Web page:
This has everything to do with empowering the dictators and petty thugs of those Third World countries that want nothing else than billions to play with to create their own versions of paradise on earth (of course, their citizens tend to view these paradises as prisons of social experimentation, but that should be obvious to anyone not of the left). The key meme here is that the industrialized west - note how the environmental horrors of socialism in all its forms are ... conveniently ignored - owes the poor of this world everything and it is a matter of social justice that reparations get made.
The despair of the watermelon people can be seen here. Humanity, for them, is the problem, and the obvious stupidity of anyone not agreeing with them.
That's a great way to persuade folks to give up their lifestyles and put on the hair shirt that the climate activists want us all to wear (excepting, of course, themselves).
The reaction of the climate activists to those who remain critical is to criminalize their critics, as can be seen here. Anyone not belonging to the true believers should be executed. Literally: there are calls for Nuremberg-style ecological crimes tribunals and for the "denialists" to be strangled in their beds.
Talk about denial. It is the climate activists who are in denial and despair. See here for the denial and see here for the despair.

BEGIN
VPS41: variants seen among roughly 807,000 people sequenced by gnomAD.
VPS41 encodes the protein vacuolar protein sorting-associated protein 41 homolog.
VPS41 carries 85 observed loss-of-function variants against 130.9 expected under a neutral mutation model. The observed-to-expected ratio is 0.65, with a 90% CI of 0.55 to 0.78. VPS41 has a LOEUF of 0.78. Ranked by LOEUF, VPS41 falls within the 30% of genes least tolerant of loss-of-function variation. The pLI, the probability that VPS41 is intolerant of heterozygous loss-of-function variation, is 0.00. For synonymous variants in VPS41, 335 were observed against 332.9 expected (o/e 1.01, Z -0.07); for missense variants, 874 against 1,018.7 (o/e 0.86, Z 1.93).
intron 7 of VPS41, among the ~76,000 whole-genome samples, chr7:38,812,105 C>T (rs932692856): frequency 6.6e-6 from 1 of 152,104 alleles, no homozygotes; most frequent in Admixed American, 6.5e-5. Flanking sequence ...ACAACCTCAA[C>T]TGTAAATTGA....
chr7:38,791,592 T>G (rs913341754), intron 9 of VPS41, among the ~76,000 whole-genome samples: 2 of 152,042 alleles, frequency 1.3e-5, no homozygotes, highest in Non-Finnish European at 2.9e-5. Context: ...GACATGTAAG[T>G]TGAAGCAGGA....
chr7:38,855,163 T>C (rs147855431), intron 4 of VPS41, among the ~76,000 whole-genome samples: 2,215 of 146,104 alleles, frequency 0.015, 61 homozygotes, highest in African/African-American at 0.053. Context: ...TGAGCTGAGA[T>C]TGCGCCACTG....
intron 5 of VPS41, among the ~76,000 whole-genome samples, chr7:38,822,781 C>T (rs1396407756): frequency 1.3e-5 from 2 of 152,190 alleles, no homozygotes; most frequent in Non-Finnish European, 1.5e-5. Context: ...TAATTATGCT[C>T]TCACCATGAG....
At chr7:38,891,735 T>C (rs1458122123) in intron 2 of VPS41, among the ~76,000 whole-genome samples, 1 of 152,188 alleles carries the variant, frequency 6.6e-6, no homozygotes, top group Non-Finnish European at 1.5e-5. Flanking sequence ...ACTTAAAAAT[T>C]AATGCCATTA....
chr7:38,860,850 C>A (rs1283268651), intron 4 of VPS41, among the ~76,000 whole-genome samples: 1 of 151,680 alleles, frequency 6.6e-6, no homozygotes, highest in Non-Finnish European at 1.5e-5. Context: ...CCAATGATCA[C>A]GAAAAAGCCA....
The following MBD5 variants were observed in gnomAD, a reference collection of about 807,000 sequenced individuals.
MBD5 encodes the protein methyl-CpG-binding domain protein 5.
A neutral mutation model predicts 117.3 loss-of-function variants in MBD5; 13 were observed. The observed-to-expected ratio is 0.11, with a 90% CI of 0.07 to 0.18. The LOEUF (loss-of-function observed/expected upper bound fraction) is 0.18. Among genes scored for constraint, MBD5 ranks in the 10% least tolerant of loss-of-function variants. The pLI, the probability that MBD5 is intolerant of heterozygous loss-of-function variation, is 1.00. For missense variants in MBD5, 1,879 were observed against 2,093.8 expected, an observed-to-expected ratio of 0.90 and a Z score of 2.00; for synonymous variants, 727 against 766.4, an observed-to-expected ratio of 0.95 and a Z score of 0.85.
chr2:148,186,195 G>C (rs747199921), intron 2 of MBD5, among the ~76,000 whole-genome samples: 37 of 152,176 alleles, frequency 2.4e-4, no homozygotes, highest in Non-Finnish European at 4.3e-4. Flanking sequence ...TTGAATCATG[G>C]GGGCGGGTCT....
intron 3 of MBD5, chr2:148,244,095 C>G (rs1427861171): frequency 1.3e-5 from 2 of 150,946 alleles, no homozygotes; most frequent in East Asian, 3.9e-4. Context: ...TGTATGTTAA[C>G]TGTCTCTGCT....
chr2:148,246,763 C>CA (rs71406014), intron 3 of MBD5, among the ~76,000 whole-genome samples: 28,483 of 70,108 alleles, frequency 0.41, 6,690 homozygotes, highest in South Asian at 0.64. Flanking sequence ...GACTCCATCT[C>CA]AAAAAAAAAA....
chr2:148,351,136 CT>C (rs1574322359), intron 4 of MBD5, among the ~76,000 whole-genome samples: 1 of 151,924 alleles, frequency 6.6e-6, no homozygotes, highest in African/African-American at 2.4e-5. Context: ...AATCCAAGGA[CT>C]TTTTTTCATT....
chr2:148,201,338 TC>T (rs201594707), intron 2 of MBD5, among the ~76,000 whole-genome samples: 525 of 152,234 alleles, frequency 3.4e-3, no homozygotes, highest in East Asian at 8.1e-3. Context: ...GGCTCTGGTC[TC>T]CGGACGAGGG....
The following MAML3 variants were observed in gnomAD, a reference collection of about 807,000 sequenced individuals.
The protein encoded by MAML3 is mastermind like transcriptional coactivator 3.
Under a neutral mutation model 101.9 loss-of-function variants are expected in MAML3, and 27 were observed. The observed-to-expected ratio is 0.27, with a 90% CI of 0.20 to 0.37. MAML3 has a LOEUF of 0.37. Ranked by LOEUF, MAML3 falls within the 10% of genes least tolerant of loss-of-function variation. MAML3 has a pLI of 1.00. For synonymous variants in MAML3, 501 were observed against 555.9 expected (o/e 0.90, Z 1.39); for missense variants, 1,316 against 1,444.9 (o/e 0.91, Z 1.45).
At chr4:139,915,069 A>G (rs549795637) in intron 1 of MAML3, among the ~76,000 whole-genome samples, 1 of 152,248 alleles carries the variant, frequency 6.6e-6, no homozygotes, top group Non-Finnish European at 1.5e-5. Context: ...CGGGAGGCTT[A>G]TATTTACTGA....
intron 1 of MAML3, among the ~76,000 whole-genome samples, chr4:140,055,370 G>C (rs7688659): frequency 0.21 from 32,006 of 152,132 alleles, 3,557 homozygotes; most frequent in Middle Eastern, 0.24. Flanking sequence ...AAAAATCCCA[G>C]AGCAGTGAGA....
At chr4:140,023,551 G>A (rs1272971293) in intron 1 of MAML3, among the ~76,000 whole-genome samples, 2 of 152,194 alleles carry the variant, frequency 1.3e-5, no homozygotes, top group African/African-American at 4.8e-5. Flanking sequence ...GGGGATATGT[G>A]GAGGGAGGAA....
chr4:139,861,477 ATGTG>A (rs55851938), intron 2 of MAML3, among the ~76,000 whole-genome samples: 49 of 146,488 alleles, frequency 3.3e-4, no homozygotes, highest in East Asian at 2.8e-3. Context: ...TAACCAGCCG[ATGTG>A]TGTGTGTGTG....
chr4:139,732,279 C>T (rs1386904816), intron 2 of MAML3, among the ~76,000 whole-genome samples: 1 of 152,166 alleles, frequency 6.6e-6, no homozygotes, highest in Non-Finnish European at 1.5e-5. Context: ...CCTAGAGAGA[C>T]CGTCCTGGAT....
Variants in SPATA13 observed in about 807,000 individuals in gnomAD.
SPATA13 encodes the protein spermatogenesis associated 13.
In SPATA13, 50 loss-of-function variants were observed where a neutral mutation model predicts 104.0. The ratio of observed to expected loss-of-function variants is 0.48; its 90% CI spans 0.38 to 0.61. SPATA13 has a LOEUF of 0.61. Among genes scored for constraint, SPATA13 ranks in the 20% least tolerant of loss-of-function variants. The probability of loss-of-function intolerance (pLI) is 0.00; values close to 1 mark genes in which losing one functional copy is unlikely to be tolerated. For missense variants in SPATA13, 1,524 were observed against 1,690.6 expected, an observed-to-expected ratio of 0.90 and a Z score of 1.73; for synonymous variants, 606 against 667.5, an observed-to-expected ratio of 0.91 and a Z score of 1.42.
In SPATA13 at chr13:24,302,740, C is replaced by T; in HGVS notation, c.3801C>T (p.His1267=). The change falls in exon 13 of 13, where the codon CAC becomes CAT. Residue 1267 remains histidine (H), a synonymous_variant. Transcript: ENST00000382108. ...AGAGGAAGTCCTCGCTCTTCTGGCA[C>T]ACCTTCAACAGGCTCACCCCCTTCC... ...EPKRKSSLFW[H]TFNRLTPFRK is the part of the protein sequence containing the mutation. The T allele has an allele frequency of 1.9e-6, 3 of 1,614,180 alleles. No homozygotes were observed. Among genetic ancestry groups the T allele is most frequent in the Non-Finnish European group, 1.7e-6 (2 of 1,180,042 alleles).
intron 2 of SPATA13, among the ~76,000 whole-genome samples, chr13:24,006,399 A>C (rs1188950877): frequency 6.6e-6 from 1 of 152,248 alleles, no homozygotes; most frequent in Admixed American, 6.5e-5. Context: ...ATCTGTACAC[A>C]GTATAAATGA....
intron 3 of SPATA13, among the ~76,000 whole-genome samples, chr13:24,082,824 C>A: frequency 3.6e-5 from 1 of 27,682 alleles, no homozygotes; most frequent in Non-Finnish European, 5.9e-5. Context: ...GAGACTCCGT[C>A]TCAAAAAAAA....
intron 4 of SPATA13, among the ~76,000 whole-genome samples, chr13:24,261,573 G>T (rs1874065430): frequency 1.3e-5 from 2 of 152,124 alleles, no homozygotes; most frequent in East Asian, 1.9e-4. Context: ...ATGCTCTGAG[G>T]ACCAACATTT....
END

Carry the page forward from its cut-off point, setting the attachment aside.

You see, climate activism has long since descended into belief and religion: this is not my argumentation, but rather the argument brought by an activist who was let go because, he claimed, of his belief: see this for the ... rest of the story. The key quote:
Sustainable Development, which sprung fully-armed from the fretful socialist head of the UN's Brundtland Commission, is indeed a religion, and it has a devil: capitalism. It thus seems suicidal for any company to accommodate it, let alone embrace it. It has no workable definition except for the feel good notion of "looking after the future." It explicitly rejects free markets as leading to resource exhaustion and environmental destruction. As such it is not based on science, much less economics, but on primitive pre-market assumptions, which just happen to be very useful to prospective "global governors." Bingo.
Climatism is not just a belief system, it is an activist belief system. It demands not merely repentance of carbon sin, but jihad against the emitting infidels.
The rage of the Watermelons - green outside, red inside - knows no bounds: daring to criticize them must mean you are mentally ill.
Haven't we seen that sort of thinking before? Ah, yes: the Soviets were experts at declaring their opponents to be mentally ill and hence needing such therapy as heavy sedation, psychiatric torture and electo-shock to persuade those with false consciousness to join with the party to ensure the inevitability of historical progress.
How little things have changed. The sycophants and supporters of that horribly failed social experiment are back: as Watermelons, wrapping their Soviet-era beliefs in the mantle of saving the world.
It was Marx himself who said that history repeats itself, largely as farce. The irony of that is delicious.
Copenhagen will fail because ... it should. It has nothing more to do with the environment and everything to do with a power grab of unprecedented dimension.